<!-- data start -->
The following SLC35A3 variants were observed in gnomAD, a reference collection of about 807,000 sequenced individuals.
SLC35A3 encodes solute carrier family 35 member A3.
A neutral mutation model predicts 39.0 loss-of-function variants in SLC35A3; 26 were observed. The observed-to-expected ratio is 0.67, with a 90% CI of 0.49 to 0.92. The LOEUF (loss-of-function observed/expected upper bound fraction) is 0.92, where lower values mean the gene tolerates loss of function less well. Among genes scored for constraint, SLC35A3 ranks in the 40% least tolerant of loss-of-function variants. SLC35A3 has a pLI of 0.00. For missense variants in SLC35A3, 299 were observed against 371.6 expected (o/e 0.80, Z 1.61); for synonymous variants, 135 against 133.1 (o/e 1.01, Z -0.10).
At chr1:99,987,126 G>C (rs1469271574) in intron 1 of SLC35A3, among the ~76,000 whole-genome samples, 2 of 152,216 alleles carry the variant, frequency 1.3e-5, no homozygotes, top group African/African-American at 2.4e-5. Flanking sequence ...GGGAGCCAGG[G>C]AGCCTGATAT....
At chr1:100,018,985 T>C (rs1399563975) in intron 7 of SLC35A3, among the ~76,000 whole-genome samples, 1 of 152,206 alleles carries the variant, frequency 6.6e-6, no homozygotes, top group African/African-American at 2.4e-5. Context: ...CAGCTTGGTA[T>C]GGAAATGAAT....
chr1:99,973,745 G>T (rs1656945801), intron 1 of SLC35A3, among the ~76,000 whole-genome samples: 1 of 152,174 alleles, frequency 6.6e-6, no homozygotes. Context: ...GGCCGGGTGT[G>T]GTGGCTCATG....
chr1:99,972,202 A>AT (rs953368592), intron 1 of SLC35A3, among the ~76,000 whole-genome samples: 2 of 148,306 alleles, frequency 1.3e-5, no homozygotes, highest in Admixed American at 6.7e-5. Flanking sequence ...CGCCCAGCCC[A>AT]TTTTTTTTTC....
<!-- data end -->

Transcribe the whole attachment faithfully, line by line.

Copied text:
The following SLC35A3 variants were observed in gnomAD, a reference collection of about 807,000 sequenced individuals.
SLC35A3 encodes solute carrier family 35 member A3.
A neutral mutation model predicts 39.0 loss-of-function variants in SLC35A3; 26 were observed. The observed-to-expected ratio is 0.67, with a 90% CI of 0.49 to 0.92. The LOEUF (loss-of-function observed/expected upper bound fraction) is 0.92, where lower values mean the gene tolerates loss of function less well. Among genes scored for constraint, SLC35A3 ranks in the 40% least tolerant of loss-of-function variants. SLC35A3 has a pLI of 0.00. For missense variants in SLC35A3, 299 were observed against 371.6 expected (o/e 0.80, Z 1.61); for synonymous variants, 135 against 133.1 (o/e 1.01, Z -0.10).
At chr1:99,987,126 G>C (rs1469271574) in intron 1 of SLC35A3, among the ~76,000 whole-genome samples, 2 of 152,216 alleles carry the variant, frequency 1.3e-5, no homozygotes, top group African/African-American at 2.4e-5. Flanking sequence ...GGGAGCCAGG[G>C]AGCCTGATAT....
At chr1:100,018,985 T>C (rs1399563975) in intron 7 of SLC35A3, among the ~76,000 whole-genome samples, 1 of 152,206 alleles carries the variant, frequency 6.6e-6, no homozygotes, top group African/African-American at 2.4e-5. Context: ...CAGCTTGGTA[T>C]GGAAATGAAT....
chr1:99,973,745 G>T (rs1656945801), intron 1 of SLC35A3, among the ~76,000 whole-genome samples: 1 of 152,174 alleles, frequency 6.6e-6, no homozygotes. Context: ...GGCCGGGTGT[G>T]GTGGCTCATG....
chr1:99,972,202 A>AT (rs953368592), intron 1 of SLC35A3, among the ~76,000 whole-genome samples: 2 of 148,306 alleles, frequency 1.3e-5, no homozygotes, highest in Admixed American at 6.7e-5. Flanking sequence ...CGCCCAGCCC[A>AT]TTTTTTTTTC....